Sustainable Dwelling

Sven Peters, 2010

Learning from NYC

Currently New York City has 8.2 million residents. The projected number of residents for 2030 is estimated at 9.12 million. Any discussions about the future of the city become inextricably associated with demands on dwelling, as New York is constantly required to absorb the rising influx of inhabitants.  City authorities are always struggling to cope with diverse issues from housing needs to energy distribution and congestion. Response based strategies that address the abrupt, immediate problems do little to check the seemingly chaotic and unbridled growth of the city.

In 2007, under the initiative of Mayor Michael Bloomberg, New York City released PlanNYC. This comprehensive manifesto is aimed at leading New York toward an ecologically conscious sustainable environment. It proposes a cohesive long-term framework to guide the city’s evolution. It addresses the varied aspects of New York’s physical environs from housing stock and transport to energy networks and air quality. In essence it seeks to cultivate sustainable habits within current practice. The consistently arising urgent issues that plague the city are now framed within a set of constraints that force the re-evaluation of the choices made towards resolutions.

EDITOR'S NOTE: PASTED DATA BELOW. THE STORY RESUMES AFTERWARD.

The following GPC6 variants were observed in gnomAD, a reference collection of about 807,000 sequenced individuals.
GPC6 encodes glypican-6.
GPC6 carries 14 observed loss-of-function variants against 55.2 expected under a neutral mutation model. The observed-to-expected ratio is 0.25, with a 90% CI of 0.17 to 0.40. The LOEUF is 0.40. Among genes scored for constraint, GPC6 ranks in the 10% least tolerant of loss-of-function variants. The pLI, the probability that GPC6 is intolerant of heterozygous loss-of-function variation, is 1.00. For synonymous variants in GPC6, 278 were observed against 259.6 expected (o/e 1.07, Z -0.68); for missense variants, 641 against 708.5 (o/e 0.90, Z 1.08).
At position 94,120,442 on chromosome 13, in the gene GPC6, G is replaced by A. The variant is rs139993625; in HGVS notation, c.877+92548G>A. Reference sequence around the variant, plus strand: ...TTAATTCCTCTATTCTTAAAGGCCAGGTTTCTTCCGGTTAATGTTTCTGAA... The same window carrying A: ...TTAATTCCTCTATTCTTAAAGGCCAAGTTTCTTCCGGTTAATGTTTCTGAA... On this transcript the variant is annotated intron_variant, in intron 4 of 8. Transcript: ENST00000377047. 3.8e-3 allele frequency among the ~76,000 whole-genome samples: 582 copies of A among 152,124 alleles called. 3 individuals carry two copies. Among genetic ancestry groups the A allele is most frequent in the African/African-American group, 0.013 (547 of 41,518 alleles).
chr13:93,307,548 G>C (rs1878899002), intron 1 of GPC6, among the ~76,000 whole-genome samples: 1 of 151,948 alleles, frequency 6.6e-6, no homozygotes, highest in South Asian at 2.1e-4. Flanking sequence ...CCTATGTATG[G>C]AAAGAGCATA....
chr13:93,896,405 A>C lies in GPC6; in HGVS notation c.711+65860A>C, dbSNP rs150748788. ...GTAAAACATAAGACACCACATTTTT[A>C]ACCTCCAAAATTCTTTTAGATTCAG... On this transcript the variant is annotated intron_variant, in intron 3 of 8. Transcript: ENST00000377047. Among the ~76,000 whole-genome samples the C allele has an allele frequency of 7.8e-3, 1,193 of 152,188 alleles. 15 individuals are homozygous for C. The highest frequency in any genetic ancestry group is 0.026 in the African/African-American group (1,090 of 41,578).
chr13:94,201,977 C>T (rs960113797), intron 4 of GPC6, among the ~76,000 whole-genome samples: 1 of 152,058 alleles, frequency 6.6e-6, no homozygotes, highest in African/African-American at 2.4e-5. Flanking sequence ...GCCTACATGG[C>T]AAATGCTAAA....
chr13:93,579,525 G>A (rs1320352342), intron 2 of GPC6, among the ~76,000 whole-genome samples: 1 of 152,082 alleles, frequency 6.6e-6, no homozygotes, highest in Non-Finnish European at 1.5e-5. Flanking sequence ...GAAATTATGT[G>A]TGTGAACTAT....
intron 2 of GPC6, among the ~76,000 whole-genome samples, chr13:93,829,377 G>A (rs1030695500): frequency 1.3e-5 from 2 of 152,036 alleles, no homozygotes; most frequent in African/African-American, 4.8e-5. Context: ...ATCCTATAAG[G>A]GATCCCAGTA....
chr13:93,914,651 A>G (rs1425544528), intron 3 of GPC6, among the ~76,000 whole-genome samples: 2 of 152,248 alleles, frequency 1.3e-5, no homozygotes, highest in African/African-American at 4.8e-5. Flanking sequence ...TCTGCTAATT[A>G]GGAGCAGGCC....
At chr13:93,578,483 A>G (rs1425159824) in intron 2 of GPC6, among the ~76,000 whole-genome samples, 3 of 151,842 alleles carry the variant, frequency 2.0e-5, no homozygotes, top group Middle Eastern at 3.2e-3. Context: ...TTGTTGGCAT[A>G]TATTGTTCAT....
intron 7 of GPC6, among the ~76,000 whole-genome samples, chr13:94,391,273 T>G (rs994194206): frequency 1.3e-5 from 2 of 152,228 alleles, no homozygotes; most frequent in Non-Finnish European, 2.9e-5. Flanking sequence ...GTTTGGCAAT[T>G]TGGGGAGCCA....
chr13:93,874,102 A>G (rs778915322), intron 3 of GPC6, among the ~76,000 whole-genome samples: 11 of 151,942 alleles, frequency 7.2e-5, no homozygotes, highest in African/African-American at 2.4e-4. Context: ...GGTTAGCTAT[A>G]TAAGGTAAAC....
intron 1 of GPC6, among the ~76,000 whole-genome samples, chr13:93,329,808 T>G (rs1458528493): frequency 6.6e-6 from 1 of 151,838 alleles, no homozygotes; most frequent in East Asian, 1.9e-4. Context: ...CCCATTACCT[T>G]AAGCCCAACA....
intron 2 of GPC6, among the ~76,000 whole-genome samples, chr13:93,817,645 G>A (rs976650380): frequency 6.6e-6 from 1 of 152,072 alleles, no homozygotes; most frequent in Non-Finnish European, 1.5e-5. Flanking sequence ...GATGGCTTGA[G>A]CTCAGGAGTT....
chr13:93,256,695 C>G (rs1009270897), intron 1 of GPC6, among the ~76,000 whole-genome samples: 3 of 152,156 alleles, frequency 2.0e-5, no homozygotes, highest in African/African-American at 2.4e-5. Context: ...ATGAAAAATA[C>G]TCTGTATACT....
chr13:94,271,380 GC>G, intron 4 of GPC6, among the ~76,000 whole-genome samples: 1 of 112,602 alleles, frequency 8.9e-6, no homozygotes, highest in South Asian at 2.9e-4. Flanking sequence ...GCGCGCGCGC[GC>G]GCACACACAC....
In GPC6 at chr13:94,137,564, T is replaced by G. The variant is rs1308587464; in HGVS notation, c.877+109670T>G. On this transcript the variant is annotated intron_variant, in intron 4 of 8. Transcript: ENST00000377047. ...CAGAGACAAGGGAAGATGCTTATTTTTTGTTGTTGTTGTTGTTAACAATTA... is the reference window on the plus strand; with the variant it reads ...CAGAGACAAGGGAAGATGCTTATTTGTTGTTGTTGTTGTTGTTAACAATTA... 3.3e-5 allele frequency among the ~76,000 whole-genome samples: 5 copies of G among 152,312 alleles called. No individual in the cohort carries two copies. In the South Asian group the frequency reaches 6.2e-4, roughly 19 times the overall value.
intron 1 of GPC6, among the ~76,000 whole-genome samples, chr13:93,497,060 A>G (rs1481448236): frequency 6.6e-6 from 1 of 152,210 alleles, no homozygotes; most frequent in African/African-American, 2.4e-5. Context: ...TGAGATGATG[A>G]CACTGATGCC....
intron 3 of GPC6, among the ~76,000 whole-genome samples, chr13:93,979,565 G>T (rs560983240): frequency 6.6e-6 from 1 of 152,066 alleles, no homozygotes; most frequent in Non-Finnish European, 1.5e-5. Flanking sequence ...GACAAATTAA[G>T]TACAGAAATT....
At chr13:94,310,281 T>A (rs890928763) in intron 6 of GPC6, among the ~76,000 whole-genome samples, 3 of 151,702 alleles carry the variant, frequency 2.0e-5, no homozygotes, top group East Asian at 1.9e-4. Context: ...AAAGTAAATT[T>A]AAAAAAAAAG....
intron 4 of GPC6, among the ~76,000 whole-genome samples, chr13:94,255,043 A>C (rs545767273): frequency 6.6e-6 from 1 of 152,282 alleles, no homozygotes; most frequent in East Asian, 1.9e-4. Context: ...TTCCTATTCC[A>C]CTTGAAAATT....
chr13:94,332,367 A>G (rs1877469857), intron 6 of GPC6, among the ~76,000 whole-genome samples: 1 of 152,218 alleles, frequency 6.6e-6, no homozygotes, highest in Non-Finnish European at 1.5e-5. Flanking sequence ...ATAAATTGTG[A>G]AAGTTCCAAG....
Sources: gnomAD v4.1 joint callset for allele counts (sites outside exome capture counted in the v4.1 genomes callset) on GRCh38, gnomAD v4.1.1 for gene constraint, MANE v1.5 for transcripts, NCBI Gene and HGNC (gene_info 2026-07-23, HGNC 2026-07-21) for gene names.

In terms of land use, PlanNYC radically re-distributes future built spaces with significant shifts in densities and relative concentrations, in an attempt to rework the urban fabric in ways that promote ecologically conscious cultures. What are the implications of a shifting city and re-invented constraints? Could urban architecture seek creative opportunity within the imminent displacement of urban densities while maintaining it’s ecological responsibilities?

Presented below are two projects that examine the urban dwelling through shifting densities at distinctly different scales.


LIRR-Long Island Radically Rezoned

This is a research project I did in collaboration with Tobias Holler and Masha P. – which investigates the pattern of urban sprawl over the Long Island land mass. Geographically, Long Island is situated directly adjacent to New York city stretching eastward into an elongated, horizontal peninsula bound by the Atlantic Ocean.  It is currently served by Long Island Rail Road (LIRR) – a mass transit system that runs east-west along its length, branching out to reach its extremities.